Mumbai’s Kamala Mill Fire: No lesson learnt from NDRF risk analysis & 2016 CAG audit report

At least 14 persons were killed and 19 others injured in a fire incident last night on the third floor of a four-storeyed building on Senapati Bapat Marg of Mumbai where a birthday party was being celebrated. Majority of the victims were women, including the woman celebrating her birthday. The Mumbai Police has registered an FIR against the owner.

It is a case of déjà vu for Maharashtra which has failed to learn any lesson despite major fire incidents including at the Mantralaya in 2012.

NRDF’s risk analysis for Maharashtra in December 2011

The Directorate General National Disaster Response Force (NDRF) & Civil Defence (Fire), Ministry of Home Affairs in its “Fire Hazard and Risk Analysis in the Country for Revamping the Fire Services in the Country Final Report” on Maharashtra in December 2011 highlighted the gaps and identified the measures needed to be taken by Maharashtra government.

The report stated as per detailed GIS based analysis, the State would require additional 251 Fire Stations in urban areas and 666 Fire Stations in rural areas, which was an overall deficiency of 85% in terms of number of Fire Stations in Maharashtra

The report in its Vehicles and Specialized Equipment Gap Analysis in operational as well proposed Fire Stations both in urban and rural areas found an overall gap of about 88% in firefighting and rescues vehicles and about 92% in specialized equipment for both operational and new Fire Stations in urban and rural areas.

For Fire Personnel Gap Analysis in operational as well new proposed Fire Stations both in urban and rural areas, using the Administrative Reform Department (ARD, Delhi), this study found an overall gap of about 90% in fire personnel for double shift duty pattern.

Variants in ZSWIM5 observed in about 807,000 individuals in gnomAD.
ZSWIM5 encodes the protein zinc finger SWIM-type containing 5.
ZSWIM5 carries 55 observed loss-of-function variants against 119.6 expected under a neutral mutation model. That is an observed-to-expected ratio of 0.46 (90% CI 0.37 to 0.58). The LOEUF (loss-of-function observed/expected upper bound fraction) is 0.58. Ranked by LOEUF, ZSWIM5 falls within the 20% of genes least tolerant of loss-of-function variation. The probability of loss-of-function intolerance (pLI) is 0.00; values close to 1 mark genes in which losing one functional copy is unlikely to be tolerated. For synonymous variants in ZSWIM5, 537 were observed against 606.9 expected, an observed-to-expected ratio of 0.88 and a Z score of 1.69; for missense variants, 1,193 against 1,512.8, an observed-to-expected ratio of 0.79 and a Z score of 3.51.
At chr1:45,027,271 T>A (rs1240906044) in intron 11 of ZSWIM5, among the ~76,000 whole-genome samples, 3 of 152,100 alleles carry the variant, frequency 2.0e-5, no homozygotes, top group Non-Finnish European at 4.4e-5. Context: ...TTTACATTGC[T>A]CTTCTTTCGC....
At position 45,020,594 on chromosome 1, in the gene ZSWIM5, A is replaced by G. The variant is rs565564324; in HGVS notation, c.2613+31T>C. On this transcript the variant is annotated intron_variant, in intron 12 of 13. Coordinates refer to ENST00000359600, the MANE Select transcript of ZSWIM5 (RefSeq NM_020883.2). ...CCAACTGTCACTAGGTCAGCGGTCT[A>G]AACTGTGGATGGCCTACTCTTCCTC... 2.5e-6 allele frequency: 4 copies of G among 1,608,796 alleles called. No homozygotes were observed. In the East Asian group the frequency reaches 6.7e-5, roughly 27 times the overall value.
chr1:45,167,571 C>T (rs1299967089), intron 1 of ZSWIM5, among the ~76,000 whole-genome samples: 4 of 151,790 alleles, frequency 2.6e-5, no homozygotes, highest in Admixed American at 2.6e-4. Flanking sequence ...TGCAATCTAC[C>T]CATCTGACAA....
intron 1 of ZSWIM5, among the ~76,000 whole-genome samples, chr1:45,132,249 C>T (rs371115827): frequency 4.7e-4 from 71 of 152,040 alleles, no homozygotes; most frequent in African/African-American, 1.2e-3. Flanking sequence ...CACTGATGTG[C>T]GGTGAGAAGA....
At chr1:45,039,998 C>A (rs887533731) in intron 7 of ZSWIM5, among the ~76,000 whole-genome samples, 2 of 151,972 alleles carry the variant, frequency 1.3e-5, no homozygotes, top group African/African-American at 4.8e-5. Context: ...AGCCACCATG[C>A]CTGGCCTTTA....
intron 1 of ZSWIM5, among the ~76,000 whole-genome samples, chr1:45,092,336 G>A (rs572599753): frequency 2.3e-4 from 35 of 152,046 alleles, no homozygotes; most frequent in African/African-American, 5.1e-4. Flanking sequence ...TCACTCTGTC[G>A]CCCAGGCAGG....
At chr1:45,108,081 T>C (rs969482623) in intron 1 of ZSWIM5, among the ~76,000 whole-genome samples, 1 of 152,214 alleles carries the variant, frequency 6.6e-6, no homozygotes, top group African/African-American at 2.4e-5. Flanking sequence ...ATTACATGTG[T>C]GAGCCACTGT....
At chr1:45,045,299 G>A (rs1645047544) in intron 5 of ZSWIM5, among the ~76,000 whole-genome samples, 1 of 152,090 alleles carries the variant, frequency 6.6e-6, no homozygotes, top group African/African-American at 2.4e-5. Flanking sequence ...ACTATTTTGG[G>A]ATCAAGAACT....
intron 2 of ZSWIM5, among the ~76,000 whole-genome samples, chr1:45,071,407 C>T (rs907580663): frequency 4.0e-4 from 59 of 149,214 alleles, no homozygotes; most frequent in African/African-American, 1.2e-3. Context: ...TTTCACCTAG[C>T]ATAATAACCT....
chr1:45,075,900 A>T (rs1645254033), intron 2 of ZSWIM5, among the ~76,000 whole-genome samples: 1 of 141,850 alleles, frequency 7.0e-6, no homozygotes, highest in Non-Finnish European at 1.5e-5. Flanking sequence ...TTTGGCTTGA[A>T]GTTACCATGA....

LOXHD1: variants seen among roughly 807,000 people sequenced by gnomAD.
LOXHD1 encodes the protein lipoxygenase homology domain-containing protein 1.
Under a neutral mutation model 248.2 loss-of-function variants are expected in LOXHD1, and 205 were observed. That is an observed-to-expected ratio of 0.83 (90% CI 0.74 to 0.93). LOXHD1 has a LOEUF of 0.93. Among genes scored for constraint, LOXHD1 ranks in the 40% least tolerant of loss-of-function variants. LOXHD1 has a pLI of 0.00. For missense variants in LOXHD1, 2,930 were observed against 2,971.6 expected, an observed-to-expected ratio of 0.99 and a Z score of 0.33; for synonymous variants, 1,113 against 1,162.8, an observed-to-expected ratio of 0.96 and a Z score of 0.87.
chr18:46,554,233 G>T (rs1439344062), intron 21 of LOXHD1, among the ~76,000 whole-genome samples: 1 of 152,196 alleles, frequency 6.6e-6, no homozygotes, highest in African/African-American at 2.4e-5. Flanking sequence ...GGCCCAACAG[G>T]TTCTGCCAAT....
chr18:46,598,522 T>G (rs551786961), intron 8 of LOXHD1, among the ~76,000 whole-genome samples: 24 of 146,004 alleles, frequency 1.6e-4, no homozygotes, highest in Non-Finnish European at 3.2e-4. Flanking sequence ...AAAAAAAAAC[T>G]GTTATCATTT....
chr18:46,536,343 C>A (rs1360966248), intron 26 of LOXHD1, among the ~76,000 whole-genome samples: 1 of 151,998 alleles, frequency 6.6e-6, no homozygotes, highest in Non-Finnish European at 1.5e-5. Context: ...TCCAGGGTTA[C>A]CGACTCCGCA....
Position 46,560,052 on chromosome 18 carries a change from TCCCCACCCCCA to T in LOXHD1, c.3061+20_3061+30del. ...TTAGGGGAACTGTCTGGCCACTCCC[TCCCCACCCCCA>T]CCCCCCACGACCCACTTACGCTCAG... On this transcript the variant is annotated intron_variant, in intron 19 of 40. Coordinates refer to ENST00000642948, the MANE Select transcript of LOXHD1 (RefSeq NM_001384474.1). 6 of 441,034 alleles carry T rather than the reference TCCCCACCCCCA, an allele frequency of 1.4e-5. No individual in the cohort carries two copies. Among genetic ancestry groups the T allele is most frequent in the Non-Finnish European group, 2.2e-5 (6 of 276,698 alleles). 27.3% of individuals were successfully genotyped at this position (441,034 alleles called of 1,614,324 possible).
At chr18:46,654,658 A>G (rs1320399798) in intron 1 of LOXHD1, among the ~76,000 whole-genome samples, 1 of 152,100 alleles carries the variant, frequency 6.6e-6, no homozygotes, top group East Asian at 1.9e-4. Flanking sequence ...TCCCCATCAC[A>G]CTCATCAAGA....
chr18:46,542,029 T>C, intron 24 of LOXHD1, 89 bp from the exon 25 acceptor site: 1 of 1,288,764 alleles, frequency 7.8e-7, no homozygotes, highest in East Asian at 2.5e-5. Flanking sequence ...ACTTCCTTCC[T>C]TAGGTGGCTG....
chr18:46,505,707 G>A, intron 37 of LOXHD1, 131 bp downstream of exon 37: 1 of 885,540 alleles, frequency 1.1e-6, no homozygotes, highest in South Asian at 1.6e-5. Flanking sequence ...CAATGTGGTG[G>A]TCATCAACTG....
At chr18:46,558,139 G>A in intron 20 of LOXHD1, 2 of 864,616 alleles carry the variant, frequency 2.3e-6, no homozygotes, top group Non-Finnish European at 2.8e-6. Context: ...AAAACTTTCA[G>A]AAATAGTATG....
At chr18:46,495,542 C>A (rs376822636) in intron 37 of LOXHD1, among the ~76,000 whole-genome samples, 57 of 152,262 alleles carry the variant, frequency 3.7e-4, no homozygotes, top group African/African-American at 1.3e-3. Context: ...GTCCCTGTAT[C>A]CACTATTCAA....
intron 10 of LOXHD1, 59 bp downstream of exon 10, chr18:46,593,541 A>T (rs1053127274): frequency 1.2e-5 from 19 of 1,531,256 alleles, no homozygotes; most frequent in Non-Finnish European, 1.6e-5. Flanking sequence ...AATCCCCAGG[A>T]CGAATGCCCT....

The report recommended that there was an urgent need for fire prevention wing for inspection, awareness generation, and training for schools, hospitals, high-rise buildings, govt. offices, public buildings etc. to prevent recurrence of  fire incidences.

The NDRF study estimated that a total investment of about Rs. 31,588 Crores spread over a period of 10 years was needed for Maharashtra State Fire Services including inflationary factors and after filling the gaps for both operational and proposed urban and rural Fire Stations.

Summary Findings of NDRF for Maharashtra State

Mantralaya fire of 2012:

Six months after the risk analysis report of the NDRF, a major fire broke out in Mantralaya (a high-rise building) on 21 June 2012 due to defective electric circuit which claimed five lives and caused massive damage to property. At the time of the accident, the building did not have final fire NOC from the Fire Department of the Municipal Corporation of Greater Mumbai (MCGM). Fire investigation report submitted by CFO, Mumbai in August 2012 revealed that (i) the internal approach road to the building was blocked due to parking of vehicles and thus, caused inordinate delay in arrival of fire tenders (response time was 16 minutes), (ii) though an underground water storage tank (2.34 lakh litre capacity) was available in the building yet water could not be drawn through the court-yard fire hydrants and wet risers, as these were found to be non-functional, (iii) open spaces were not adequate for jacking and operating the fire engines due to landscaping and porch, and (iv) fire extinguishers were not functional.

The final fire NOC was issued by the Fire Department in October 2015 and the State Government incurred an expenditure of ₹ 202 crore as of March 2016 on renovations of Mantralaya building.

CAG’s prevention and control of fire audit of 2016:

The Comptroller and Auditor General of India (CAG) conducted the performance audit of ‘Prevention and control of fire by selected Municipal Corporations’ for the period 2010-15. In its report, the CAG  revealed that “eight of 26 Municipal Corporations could not spend 78 per cent of their capital budget during 2010-15 for purchase of specialized fire appliances, equipment, vehicles etc.”

Out of Rs 1091.20 crores allocated to the fire departments of 8 selected municipal corporations, a sum of Rs 854 crores was spent. An unspent balance of Rs 236.35 crores remained. For the procurement of plant and machinery, equipment and specialised fire appliances, out of Rs 702.95 crore made during 2010-15, the 8 selected municipal corporations spent only Rs 154 crores or 22%.

Inadequate number of fire stations